On the surface, the national homeownership rate for the first quarter of 2017 held steady as in the first and fourth quarters of 2016. But the good news lies in 854,000 owner-occupied households created during the relevant quarter, according to the latest Housing Vacancy Survey by the U.S. Census Bureau.
First-Quarter Homeownership Rate, Housing Inventory in the U.S.
For the first quarter of 2017, the homeownership rate in the U.S. stood at 63.6%. As the Bureau would have it (referring to the survey’s margin of error), 1Q17’s rate was not statistically different from 63.5% in 1Q16 and 63.7% in 4Q16.
About 87.3% of all housing units in the U.S. were occupied and the rest (12.7%) were vacant during the first quarter of 2017.
At 1Q17, there was an estimated 136,090 in total housing inventory, up from a year ago’s total housing units of 135,268. This means 822,000 housing units more were available during the first quarter of 2017.
Moreover, the number of owner-occupied homes in 1Q16 was 74,702 vis-a-vis 75,7556 owner-occupied housing units in 1Q17. This resulted in the creation of 854,000 homes that were owner-occupied during the first quarter of 2017. Compare this to 365,000 renting households formed in the same period (the difference between 1Q16’s 42,879 and 1Q17’s 43,244 rental household estimates).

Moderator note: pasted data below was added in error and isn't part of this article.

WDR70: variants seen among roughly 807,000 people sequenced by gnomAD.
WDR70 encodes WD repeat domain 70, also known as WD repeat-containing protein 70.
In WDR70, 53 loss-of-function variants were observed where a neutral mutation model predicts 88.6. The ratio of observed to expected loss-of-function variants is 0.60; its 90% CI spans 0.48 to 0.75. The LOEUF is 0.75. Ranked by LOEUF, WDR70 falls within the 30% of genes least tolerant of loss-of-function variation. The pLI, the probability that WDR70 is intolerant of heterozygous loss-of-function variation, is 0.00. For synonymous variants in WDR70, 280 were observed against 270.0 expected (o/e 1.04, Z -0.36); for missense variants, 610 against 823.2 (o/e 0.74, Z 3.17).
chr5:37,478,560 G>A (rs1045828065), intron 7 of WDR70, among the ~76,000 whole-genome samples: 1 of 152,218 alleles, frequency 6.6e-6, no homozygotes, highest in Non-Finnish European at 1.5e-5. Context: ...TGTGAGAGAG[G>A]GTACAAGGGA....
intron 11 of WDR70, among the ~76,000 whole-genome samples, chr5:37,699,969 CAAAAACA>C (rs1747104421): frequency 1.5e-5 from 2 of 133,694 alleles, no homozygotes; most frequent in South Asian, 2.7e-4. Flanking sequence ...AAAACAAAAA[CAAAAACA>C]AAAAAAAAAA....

The Bureau’s estimates, which are based on Vintage 2015 housing controls, can change as data on building permits, housing loss, and other admin records come in.
Profile of Homeowners
The first-quarter homeownership rate, if broken down into age, region, and ethnicity, is as follows:
- Homeownership was strongest in the age group of 65 years old and above, clinching 78.6% and it was lowest among those under 35 years old with 34.3%.
Homeownership was highest among non-Hispanic Whites with 71.8%, followed by Asians, Native Hawaiians and Pacific Islanders with 56.8% and Blacks with 42.7% as the lowest.
Homeownership was highest in the Midwest at 67.6%, second is the South at 65.4%, third is the Northeast at 60.6% and last is the West at 59.0%.
Other First Quarter 2017 Highlights
- Median asking price for vacant for-rent units was $864.
- Median asking price for vacant for-sale units was $176,900.
- The national homeowner vacancy rate – the proportion of homeowner housing inventory that is vacant for sale – was 1.7%, (i) virtually unchanged in 1Q16 and (ii) down from 1.8% in 4Q16.
- The 1Q17 national rental vacancy rate – the ratio of rental housing unit that is vacant for rent – was 7.0%, (i) unchanged in 1Q16 and (ii) statistically not different from 6.9% in 4Q16.
The Census Bureau’s Housing Vacancy Survey contains current information on homeownership rates on the national, regional, state, and MSA levels, as well as the number and nature of rental and homeowner housing units available for occupancy.
Justin McHood is a managing partner at Suited Connector and has been recognized by national media outlets as a financial expert for more than a decade.